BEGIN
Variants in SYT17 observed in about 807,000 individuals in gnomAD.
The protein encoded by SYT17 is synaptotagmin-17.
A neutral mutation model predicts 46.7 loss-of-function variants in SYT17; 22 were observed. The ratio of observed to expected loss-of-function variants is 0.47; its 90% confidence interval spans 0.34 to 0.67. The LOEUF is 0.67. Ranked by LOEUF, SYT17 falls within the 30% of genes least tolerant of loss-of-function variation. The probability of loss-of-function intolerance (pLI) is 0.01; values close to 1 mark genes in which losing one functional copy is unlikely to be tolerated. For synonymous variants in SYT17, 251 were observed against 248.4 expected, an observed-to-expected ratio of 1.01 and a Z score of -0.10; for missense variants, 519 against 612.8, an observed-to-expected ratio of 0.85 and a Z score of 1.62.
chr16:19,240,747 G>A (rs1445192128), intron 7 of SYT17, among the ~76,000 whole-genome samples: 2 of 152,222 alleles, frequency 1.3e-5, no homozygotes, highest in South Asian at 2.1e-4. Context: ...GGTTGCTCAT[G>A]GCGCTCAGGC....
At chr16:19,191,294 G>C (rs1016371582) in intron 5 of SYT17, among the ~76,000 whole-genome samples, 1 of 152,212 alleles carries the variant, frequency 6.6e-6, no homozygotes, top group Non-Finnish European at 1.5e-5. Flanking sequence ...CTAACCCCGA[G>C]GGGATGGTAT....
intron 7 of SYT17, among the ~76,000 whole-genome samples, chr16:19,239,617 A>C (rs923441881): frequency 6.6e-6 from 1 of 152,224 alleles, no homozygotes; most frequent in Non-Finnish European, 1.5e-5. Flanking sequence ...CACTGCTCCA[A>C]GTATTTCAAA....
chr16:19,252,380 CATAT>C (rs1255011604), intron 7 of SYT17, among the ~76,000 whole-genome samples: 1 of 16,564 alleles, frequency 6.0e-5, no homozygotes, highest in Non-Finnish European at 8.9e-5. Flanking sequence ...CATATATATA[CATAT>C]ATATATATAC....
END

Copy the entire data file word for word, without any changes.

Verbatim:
Variants in SYT17 observed in about 807,000 individuals in gnomAD.
The protein encoded by SYT17 is synaptotagmin-17.
A neutral mutation model predicts 46.7 loss-of-function variants in SYT17; 22 were observed. The ratio of observed to expected loss-of-function variants is 0.47; its 90% confidence interval spans 0.34 to 0.67. The LOEUF is 0.67. Ranked by LOEUF, SYT17 falls within the 30% of genes least tolerant of loss-of-function variation. The probability of loss-of-function intolerance (pLI) is 0.01; values close to 1 mark genes in which losing one functional copy is unlikely to be tolerated. For synonymous variants in SYT17, 251 were observed against 248.4 expected, an observed-to-expected ratio of 1.01 and a Z score of -0.10; for missense variants, 519 against 612.8, an observed-to-expected ratio of 0.85 and a Z score of 1.62.
chr16:19,240,747 G>A (rs1445192128), intron 7 of SYT17, among the ~76,000 whole-genome samples: 2 of 152,222 alleles, frequency 1.3e-5, no homozygotes, highest in South Asian at 2.1e-4. Context: ...GGTTGCTCAT[G>A]GCGCTCAGGC....
At chr16:19,191,294 G>C (rs1016371582) in intron 5 of SYT17, among the ~76,000 whole-genome samples, 1 of 152,212 alleles carries the variant, frequency 6.6e-6, no homozygotes, top group Non-Finnish European at 1.5e-5. Flanking sequence ...CTAACCCCGA[G>C]GGGATGGTAT....
intron 7 of SYT17, among the ~76,000 whole-genome samples, chr16:19,239,617 A>C (rs923441881): frequency 6.6e-6 from 1 of 152,224 alleles, no homozygotes; most frequent in Non-Finnish European, 1.5e-5. Flanking sequence ...CACTGCTCCA[A>C]GTATTTCAAA....
chr16:19,252,380 CATAT>C (rs1255011604), intron 7 of SYT17, among the ~76,000 whole-genome samples: 1 of 16,564 alleles, frequency 6.0e-5, no homozygotes, highest in Non-Finnish European at 8.9e-5. Flanking sequence ...CATATATATA[CATAT>C]ATATATATAC....